SAGE Scholars Creates ‘Sage Secure,’ First No-Cost Accidental Death Benefit at 443 Member Colleges

PHILADELPHIA, Dec. 8, 2021 /PRNewswire/ — SAGE Scholars Educational Foundation has created the first no-cost accidental death benefit for the family of students enrolled in one of 443 SAGE Scholars member colleges and universities nationwide.

Termed SAGE Secure, it is designed to help prevent the student from suffering financially and possibly dropping out of school if his or her family’s primary wage earner dies from an accidental bodily injury.

"We recognize the devastating impact the sudden death of a student’s parent or the main source of support has on the family’s financial health and specifically the ongoing ability to afford and attend college," says Dr. James B. Johnston, founder/chairman of SAGE Scholars, the parent organization.

"This is why we are committed to providing financial assistance that eases the grieving process for our member students during this incredibly difficult time," he adds.

According to Dr. Johnston the amount of the SAGE Secure scholarship will be $5,000 or the "expected family contribution, whichever is the lesser."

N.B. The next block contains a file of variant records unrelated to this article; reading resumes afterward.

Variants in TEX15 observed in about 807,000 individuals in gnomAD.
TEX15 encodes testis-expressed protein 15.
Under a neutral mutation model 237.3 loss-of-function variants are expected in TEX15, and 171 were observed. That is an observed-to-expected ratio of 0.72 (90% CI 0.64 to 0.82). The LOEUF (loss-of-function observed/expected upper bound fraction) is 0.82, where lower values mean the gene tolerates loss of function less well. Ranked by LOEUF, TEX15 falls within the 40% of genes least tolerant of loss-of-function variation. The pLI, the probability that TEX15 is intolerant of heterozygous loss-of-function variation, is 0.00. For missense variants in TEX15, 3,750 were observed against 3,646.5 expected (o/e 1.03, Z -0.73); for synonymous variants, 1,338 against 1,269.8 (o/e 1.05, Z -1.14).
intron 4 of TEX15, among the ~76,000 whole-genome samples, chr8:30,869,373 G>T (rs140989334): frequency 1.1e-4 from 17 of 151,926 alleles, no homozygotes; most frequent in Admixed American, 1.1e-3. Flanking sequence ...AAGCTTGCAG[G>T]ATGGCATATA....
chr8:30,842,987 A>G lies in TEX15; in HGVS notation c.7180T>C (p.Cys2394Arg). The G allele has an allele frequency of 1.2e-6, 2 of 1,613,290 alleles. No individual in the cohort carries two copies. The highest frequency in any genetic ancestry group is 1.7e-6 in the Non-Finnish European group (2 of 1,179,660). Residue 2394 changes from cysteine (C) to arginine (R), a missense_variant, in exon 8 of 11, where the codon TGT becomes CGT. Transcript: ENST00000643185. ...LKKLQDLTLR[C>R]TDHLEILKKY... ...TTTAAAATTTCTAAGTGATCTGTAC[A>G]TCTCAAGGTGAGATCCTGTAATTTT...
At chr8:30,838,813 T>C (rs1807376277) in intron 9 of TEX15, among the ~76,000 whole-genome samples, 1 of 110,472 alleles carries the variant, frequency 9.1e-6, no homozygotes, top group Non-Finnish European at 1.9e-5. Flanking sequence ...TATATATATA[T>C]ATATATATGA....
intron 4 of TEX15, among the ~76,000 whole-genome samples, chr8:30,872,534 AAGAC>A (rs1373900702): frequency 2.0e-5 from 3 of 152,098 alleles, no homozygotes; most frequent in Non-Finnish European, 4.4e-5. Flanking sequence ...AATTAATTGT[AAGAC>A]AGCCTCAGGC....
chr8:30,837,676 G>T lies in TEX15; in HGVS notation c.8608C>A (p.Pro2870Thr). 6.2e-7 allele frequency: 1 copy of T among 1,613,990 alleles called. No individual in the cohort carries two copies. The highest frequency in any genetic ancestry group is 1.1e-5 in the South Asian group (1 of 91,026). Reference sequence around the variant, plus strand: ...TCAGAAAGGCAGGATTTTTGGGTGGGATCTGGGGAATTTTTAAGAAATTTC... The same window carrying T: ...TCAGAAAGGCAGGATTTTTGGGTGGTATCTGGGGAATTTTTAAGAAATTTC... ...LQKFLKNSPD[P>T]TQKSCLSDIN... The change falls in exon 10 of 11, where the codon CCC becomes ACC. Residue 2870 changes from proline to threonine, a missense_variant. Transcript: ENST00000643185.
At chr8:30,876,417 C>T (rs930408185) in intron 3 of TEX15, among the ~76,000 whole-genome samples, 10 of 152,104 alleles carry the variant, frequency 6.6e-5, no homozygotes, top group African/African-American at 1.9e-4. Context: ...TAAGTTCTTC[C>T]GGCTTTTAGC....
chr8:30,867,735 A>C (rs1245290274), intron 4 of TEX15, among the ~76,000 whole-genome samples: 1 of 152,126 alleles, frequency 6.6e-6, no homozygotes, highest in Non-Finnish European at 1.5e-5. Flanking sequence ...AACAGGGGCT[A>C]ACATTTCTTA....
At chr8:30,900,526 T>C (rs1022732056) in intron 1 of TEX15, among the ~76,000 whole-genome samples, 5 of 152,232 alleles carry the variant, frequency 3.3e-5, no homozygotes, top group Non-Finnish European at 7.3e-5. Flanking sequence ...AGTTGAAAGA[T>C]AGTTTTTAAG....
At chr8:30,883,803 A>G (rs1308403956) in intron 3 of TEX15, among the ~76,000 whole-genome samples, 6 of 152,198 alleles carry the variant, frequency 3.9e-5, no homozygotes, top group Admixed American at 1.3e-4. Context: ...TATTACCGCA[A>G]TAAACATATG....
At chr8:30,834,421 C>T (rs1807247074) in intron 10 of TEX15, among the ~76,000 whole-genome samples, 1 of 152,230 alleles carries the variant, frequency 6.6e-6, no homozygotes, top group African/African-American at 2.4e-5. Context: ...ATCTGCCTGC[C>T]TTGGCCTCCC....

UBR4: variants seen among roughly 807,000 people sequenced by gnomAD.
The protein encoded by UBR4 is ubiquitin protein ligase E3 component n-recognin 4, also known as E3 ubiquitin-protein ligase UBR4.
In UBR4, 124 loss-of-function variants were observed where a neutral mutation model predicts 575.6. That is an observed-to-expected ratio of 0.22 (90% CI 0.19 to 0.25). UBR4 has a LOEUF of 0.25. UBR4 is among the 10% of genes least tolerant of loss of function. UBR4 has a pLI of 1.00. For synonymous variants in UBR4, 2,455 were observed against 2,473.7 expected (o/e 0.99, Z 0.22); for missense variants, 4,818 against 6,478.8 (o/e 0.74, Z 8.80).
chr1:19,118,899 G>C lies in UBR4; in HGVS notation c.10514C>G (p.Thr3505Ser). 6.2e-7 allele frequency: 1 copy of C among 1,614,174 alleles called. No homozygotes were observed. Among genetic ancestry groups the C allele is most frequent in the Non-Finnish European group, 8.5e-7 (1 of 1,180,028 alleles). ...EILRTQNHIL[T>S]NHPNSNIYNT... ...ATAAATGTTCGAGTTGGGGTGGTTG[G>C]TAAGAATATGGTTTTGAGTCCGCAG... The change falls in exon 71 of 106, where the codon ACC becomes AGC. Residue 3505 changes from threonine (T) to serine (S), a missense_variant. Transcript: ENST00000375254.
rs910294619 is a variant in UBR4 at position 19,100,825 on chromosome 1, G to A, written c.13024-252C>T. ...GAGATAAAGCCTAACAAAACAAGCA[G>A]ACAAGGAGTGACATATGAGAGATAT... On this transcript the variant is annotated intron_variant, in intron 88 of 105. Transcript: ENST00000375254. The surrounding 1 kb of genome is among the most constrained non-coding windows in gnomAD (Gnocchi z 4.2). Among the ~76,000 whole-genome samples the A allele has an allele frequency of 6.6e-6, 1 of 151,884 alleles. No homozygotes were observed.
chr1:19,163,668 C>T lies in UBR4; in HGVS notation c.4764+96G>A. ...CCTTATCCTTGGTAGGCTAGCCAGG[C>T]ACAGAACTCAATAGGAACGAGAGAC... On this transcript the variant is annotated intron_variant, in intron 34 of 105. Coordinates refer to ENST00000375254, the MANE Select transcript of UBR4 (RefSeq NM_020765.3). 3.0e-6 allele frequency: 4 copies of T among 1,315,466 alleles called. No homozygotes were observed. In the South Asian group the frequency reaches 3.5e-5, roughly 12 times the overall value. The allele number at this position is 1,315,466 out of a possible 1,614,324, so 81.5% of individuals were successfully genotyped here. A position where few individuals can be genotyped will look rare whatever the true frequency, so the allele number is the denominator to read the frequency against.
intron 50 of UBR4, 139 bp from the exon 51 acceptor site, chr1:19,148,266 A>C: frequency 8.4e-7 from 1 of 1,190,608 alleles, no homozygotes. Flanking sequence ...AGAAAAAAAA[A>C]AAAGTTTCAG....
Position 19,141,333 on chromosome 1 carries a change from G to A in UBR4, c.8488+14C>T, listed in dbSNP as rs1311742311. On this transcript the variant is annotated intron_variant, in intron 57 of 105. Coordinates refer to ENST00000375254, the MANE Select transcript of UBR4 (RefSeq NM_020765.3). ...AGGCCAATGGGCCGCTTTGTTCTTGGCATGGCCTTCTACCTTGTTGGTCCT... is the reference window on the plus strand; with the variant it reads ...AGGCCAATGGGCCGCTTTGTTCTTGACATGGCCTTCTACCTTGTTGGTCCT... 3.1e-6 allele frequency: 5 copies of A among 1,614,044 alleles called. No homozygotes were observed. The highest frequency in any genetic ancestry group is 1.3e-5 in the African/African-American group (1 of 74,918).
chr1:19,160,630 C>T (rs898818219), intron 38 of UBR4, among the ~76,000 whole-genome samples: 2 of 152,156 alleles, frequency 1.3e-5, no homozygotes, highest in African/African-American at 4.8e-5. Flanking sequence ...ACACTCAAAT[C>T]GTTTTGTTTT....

Bob Bartlett, president of the Michigan Colleges Alliance, commented, "for a quarter century, SAGE Scholars has been a forerunner of affordability and student access in private higher education. The SAGE Secure program is another example of SAGE ingenuity and leadership at a time of unprecedented need in college financing."

SAGE Secure is a service of Philadelphia-based SAGE Scholars, the nation’s oldest and largest private college preparation and funding organization. Its goal is to bridge the gap between students who want an affordable private college education with colleges that will guarantee tuition discounts for member families—at no cost to the student, family or college. Through its Tuition Rewards® program, offered by employers, health insurers, financial institutions and non-profits, it offers a maximum discount of up to one year’s tuition, spread equally over four years of full-time undergraduate education.

Chris Barnett